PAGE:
- On 21 July 2011, Sovereign Citizen Joseph M. Tesi was stopped by a Colleyville, Texas Police officer for multiple traffic warrants. Mr. Tesi exited his vehicle with a gun drawn and pointing at the officer, the officer drew his weapon in response, and there was an exchange of gunfire, during which Mr. Tesi was struck in the face and foot. Mr. Tesi, a member of the Moorish National Republic Sovereign Citizen movement, had previously sent letters to the court about his traffic warrants threatening to use "deadly force" if any Police officer attempted to arrest him on his own property.
- On 1 April 2012 Francis G. Grady put an incendiary device in a window of the Grand Chute, Wisconsin Planned Parenthood clinic, causing a small fire which damaged the building but injured no one.
- On 17 June 2012 fugitive tax protester Anson Chi accidentally injured himself while attempting to blow up a Plano, Texas natural gas pipeline. Police officers find an explosive device, bomb making chemicals & equipment, and books on terrorism in his bedroom in his parents house.
- On 5 August 2012 40-year-old white supremacist and neo-Nazi Wade Michael Page fatally shot six people and wounded four others at a Sikh temple in Oak Creek, Wisconsin. Page took his life by shooting himself in the head after he was shot in the stomach by a responding police officer.
- On 15 April 2013, Dzhokhar and Tamerlan Tsarnaev set off two pressure cooker bombs at the finish line of the 2013 Boston Marathon, killing three people and wounding over 260 others.
- On 1 November 2013 Paul Anthony Ciancia, aged 23, is accused of opening fire in Terminal 3 of the Los Angeles International Airport with a .223-caliber Smith & Wesson M&P15 rifle, killing a U.S. Federal Transportation Security Administration officer and injuring several other people. After the shooting ended, Ciancia was found to be carrying a note stating that he "wanted to kill TSA" and describing them as "pigs". The note also mentioned "fiat currency" and "NWO", the latter likely being a reference to the New World Order conspiracy theory.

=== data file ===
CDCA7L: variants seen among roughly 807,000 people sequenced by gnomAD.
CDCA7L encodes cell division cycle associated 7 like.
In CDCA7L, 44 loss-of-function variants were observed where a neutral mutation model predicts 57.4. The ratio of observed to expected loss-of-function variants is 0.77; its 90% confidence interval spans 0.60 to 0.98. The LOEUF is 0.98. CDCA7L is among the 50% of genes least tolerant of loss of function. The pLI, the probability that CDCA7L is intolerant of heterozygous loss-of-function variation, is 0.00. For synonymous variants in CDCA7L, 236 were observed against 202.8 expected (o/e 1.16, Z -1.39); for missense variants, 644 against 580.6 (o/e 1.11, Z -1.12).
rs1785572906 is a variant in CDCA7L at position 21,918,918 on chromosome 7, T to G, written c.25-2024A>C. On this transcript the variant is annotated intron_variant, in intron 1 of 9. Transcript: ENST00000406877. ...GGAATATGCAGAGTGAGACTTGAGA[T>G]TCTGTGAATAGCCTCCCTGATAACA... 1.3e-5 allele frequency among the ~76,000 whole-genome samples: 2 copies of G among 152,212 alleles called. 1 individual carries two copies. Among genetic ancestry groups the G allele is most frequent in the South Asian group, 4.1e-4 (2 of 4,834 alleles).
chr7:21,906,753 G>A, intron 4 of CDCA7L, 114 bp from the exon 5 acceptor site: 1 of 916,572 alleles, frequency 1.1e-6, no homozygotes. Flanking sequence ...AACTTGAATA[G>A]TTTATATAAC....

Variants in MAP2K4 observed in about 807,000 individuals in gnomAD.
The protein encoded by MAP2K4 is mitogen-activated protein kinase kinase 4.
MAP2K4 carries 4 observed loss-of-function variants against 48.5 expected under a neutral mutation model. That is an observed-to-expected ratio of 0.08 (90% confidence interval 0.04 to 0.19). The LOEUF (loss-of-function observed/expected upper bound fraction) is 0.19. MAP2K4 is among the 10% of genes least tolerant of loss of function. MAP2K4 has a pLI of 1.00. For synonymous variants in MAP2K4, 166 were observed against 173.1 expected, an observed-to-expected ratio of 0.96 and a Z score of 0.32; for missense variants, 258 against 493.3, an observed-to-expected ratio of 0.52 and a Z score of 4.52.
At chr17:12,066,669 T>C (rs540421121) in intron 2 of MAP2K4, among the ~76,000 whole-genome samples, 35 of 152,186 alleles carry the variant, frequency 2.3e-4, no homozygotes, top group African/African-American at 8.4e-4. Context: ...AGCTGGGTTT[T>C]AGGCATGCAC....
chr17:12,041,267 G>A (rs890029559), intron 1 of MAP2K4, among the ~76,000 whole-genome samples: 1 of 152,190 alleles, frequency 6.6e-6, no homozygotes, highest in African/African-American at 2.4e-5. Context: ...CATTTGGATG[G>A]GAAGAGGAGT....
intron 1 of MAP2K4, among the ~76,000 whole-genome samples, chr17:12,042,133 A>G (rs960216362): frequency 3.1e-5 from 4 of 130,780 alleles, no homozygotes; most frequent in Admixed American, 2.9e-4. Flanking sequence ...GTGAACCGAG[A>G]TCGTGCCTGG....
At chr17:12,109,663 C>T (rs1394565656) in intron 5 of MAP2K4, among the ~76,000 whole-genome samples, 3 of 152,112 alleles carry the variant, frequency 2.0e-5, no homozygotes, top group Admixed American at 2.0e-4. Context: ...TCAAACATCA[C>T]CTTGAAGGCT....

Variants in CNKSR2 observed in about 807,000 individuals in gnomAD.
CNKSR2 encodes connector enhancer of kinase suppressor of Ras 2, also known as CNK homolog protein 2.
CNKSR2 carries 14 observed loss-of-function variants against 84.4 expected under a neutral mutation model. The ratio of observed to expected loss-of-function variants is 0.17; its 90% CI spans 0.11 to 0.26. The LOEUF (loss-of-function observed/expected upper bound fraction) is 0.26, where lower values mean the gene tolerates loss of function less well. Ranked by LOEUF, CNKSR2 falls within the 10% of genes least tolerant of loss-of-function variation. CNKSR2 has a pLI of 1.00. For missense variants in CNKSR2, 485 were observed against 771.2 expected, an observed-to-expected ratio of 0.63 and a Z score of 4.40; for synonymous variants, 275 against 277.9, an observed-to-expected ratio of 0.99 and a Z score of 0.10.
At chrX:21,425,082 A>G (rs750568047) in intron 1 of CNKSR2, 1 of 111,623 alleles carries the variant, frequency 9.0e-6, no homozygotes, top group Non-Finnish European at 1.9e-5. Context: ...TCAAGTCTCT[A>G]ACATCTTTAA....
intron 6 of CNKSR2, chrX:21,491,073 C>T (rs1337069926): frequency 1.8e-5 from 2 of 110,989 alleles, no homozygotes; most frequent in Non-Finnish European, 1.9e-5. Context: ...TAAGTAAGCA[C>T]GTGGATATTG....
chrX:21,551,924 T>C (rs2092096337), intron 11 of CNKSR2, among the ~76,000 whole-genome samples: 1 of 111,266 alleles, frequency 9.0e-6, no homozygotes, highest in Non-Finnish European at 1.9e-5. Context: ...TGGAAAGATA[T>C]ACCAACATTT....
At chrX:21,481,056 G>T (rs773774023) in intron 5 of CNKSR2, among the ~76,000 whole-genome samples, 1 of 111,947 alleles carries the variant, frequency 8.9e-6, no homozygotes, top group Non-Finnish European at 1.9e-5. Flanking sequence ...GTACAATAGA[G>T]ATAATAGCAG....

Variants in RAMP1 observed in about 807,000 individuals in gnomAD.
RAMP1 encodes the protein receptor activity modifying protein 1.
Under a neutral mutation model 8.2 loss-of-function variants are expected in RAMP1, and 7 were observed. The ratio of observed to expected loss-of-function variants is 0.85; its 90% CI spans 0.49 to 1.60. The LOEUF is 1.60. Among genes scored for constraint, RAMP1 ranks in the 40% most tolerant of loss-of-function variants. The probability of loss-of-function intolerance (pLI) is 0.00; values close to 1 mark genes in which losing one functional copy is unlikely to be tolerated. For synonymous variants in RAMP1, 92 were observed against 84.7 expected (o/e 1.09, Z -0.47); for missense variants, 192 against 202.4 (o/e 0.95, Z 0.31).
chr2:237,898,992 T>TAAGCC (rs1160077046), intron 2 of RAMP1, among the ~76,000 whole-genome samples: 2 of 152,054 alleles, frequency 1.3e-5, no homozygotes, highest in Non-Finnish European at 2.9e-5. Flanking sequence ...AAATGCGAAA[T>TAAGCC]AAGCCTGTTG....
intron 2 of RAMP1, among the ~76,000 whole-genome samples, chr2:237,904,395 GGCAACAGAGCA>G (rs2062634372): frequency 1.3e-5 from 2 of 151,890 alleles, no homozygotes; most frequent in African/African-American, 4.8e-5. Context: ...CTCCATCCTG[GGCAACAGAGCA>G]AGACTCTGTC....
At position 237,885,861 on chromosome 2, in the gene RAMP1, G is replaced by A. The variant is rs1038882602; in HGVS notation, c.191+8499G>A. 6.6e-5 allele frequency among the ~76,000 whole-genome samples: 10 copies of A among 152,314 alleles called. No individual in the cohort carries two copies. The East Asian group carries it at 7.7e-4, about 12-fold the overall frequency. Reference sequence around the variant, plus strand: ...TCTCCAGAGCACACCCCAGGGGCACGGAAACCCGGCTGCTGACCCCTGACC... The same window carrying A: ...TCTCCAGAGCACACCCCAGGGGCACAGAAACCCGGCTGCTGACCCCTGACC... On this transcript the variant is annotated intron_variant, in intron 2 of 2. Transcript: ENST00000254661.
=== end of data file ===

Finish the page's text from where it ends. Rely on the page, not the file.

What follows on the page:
- On 13 April 2014 Frazier Glenn Miller, Jr., former leader of the White Patriot Party, advocate of white nationalism, white separatism, and a proponent of anti-Semitic conspiracy theories, opened fire at a Jewish Community Center and at a retirement home in Overland Park, Kansas, killing 3.
- On 6 June 2014 sovereign citizen Dennis Marx drove up to the Forsyth County, Georgia court house with a rented SUV full of improvised explosives, guns, ammunition, smoke grenades, and supplies, while wearing body armor and more explosive devices, ostensibly to plead guilty to charges of possessing marijuana with the intent to distribute. Mr. Marx was spotted by Forsyth County Sheriff Deputy James Rush while the deputy was performing a routine security sweep outside the court house, exchanged gunfire with Mr. Marx, the sound of which alerted deputies within the court house, 8 of whom opened fire on Mr. Marx, killing him.
- On 8 June 2014 anti-government conspiracy theorists & former Bundy Ranch protesters Jerad and Amanda Miller shot & killed two Las Vegas police officers at a restaurant before fleeing into a Walmart, where they killed an intervening armed civilian. The couple died after engaging responding officers in a shootout; police shot and killed Jerad, while Amanda committed suicide after being wounded.
- On 11 August 2014 Sovereign Citizen Douglas Lee LeGuin started a dumpster fire in an upscale Dallas suburb, planning to occupy a house there as his own sovereign nation, opening fire on fire & police first responders before surrendering to SWAT officers.
- On 23 October 2014 in the 2014 New York City hatchet attack, a radicalized Islamic convert, Zale F. Thompson, charged at 4 NYPD officers with a hatchet. He injured 2 of them, and the two that weren't affected shot him to death.